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ORRIN MORRIS: American Indians used loostrife to treat kidney problems

One of the great hymns of faith is titled "My Hope Is Built." The words were penned in 1834 and set to music in 1863.

The refrain provided me with new insight one Sunday as I was visiting a local church that one of my art students attends. The pastor was preaching on Jesus as the Rock of Ages. The refrain goes, "On Christ the solid rock I stand, all other ground is sinking sand; all other ground is sinking sand."

The church I visited was not Baptist, though I am an ordained Baptist minister. That difference in label meant nothing to me because I felt free to join those saints as we stood together on the Solid Rock.

The more I have associated with Christians of other denominations the more I have come to feel that a lot of what theologians argue about is sinking sand that ends in division rather than a spirit of mutual respect and cooperation.

In our world, religious fanaticism is intensifying strife and igniting the flames of war. My concern is that the prayer of Jesus for His followers, made the night before His arrest, be reconsidered.

He said, "that they may all be one; even as Thou, Father, art in Me, and I in Thee, that they also may be in Us; that the world may believe that Thou didst send Me" (John 17:21).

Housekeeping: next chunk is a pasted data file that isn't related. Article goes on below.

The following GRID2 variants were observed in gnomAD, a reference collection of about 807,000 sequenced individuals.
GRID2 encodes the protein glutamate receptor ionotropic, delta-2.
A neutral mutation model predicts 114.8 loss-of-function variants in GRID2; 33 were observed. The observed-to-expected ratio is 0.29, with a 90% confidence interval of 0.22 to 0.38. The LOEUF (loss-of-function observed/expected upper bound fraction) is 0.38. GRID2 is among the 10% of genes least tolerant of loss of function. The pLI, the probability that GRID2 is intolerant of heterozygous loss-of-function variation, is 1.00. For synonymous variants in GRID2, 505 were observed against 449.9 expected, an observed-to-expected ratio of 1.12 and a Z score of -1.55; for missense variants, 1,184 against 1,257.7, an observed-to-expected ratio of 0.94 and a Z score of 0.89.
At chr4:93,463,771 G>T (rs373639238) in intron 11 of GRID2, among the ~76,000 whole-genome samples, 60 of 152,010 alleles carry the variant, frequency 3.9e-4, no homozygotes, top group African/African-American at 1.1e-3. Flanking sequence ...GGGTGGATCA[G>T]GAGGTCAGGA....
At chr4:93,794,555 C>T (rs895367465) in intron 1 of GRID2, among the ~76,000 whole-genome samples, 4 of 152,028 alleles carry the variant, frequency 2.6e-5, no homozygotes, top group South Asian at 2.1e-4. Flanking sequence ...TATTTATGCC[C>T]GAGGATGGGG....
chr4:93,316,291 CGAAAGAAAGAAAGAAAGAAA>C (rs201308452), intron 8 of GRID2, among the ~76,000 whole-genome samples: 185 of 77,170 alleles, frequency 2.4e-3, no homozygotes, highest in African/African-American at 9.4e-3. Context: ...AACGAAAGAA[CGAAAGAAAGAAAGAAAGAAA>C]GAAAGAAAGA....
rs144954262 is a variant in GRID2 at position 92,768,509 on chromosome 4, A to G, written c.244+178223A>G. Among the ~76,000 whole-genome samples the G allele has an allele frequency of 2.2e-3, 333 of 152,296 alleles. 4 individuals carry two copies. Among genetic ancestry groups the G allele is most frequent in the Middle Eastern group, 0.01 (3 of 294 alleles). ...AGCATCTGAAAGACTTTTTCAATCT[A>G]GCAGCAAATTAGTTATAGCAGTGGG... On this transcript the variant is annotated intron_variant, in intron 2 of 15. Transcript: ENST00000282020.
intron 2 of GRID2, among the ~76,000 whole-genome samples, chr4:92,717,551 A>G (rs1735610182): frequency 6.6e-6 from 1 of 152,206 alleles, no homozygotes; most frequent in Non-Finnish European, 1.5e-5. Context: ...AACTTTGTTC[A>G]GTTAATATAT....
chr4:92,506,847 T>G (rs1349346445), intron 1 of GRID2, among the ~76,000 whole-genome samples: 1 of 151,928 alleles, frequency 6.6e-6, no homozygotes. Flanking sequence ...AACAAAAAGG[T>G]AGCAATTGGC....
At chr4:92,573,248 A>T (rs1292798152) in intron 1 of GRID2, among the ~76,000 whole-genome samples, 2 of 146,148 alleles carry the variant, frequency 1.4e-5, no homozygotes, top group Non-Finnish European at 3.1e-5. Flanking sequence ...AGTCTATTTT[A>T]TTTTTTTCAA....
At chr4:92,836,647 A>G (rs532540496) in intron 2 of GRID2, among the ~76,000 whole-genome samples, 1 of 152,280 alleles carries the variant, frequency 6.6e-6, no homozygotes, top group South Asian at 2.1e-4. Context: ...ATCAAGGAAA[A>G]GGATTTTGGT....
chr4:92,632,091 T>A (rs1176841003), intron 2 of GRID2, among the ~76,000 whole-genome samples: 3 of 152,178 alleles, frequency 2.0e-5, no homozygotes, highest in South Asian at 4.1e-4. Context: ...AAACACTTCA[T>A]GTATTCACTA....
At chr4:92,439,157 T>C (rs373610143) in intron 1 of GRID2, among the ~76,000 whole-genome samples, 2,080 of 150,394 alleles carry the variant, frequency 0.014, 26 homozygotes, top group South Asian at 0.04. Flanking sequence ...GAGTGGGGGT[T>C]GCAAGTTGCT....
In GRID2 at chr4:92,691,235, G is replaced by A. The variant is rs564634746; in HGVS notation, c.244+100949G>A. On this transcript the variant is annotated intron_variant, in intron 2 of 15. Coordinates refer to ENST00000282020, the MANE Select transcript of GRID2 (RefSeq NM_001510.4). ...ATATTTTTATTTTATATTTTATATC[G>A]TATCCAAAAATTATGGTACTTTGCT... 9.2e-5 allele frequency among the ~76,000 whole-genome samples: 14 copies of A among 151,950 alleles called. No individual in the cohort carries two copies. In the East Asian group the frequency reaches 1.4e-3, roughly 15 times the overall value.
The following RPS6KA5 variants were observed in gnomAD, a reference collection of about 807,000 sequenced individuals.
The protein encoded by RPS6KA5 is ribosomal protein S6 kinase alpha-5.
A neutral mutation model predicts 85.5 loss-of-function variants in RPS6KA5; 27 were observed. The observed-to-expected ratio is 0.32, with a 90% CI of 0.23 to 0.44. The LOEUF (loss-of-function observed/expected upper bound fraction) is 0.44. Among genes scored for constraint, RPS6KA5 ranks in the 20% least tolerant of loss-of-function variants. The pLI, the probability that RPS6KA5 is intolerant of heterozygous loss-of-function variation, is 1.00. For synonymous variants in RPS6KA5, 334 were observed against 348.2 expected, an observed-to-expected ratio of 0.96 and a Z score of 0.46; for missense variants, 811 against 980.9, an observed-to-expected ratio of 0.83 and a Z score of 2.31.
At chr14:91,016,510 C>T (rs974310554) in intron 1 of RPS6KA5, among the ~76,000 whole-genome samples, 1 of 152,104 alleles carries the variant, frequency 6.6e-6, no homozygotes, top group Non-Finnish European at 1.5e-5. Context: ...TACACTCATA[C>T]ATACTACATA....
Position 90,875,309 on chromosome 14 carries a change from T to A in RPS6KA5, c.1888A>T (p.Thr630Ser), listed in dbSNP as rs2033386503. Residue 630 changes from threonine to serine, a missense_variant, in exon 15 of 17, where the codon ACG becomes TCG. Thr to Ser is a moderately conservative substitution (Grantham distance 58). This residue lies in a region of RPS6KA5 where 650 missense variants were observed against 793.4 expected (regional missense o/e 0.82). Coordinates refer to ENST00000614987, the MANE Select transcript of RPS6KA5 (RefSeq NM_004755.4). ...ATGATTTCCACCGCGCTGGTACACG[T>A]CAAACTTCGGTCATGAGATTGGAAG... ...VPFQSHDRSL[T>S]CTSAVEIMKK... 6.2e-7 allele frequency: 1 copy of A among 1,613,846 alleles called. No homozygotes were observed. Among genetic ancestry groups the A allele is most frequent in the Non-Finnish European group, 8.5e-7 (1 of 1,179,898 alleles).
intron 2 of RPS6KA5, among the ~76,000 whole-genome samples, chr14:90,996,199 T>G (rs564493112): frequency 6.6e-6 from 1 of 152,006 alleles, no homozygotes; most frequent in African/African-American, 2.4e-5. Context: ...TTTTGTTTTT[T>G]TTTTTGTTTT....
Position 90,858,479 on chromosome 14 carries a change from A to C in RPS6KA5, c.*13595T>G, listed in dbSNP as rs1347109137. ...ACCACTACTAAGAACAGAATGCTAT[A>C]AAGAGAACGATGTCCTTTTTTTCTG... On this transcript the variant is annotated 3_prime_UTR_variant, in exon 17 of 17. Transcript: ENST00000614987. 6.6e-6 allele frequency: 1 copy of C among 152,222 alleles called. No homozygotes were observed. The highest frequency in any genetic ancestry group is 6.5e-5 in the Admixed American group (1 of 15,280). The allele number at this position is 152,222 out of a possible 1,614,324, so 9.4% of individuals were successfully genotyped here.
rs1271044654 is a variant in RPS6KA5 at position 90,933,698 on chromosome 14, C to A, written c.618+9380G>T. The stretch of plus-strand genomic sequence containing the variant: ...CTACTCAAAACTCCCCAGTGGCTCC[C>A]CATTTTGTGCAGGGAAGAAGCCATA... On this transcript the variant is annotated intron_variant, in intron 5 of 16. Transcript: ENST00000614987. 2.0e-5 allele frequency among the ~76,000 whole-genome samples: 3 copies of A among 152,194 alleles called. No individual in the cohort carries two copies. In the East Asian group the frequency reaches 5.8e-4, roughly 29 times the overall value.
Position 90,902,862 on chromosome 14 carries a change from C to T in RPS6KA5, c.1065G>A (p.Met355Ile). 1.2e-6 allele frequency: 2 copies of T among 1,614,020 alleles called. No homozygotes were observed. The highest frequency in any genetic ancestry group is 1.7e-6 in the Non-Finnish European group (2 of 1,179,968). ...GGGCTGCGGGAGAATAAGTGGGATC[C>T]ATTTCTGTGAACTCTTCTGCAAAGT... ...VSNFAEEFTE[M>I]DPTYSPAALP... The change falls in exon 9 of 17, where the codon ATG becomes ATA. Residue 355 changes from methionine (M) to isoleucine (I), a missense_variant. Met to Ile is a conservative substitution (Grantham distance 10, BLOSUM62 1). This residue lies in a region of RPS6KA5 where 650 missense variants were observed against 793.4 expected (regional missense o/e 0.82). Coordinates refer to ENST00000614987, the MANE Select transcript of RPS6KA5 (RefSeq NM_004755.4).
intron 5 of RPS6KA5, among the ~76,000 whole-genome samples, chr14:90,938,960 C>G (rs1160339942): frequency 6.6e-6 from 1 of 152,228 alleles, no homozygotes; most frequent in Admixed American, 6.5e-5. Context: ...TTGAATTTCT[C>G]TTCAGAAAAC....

Could it be that the majority of the world's population ignores Christianity today because we are splintered into self-serving sects almost as diverse as the species in the wildflower kingdom?WHORLED LOOSTRIFE

Lysimachia quadrifoliaThis variety of loosestrife can be found throughout the average summer in moist locations. That means the dryness of some summers limits the habitat to creek banks and local wetlands.

The plant ranges in height from 1 to 3 feet. The lance-shaped leaves give the plant its adjective "whorled." The Latin "quadrifolia" means four-leafed, the most frequent number of leaves attached at the same spot on the stem; however, there may be as many as six or as few as three on occasion.

The five-petal blooms occur on long stalks rising from the unions of the leaves with the stem, the axil, as illustrated. The yellow blooms, with red specks in the center, also may occur at the top of the plant.

Loosestrife species, perennials, are in the primrose family and the stems sprout from the root year after year.

The whorled loosestrife was used as a tea by Americans Indians to treat kidney and other problems.

One last word about the scripture reference. Many of my friends are as earnest about the authority of the Bible as I am.

Jesus' prayer before going to the Garden of Gethsemane was that "they may all be one." Is that desire of Jesus of equal importance to His command to "Love thy neighbor as thyself" or to feed the hungry, clothe the naked, and visit the prisoner?

Let us be about the Master's business with our spiritual feet planted on the Solid Rock.

Orrin Morris is a retired Baptist minister, local artist and art teacher. Notecards are available of the wildflowers published in the Citizen. His email is odmsketchingpad@yahoo.com or call him at 770-929-3697.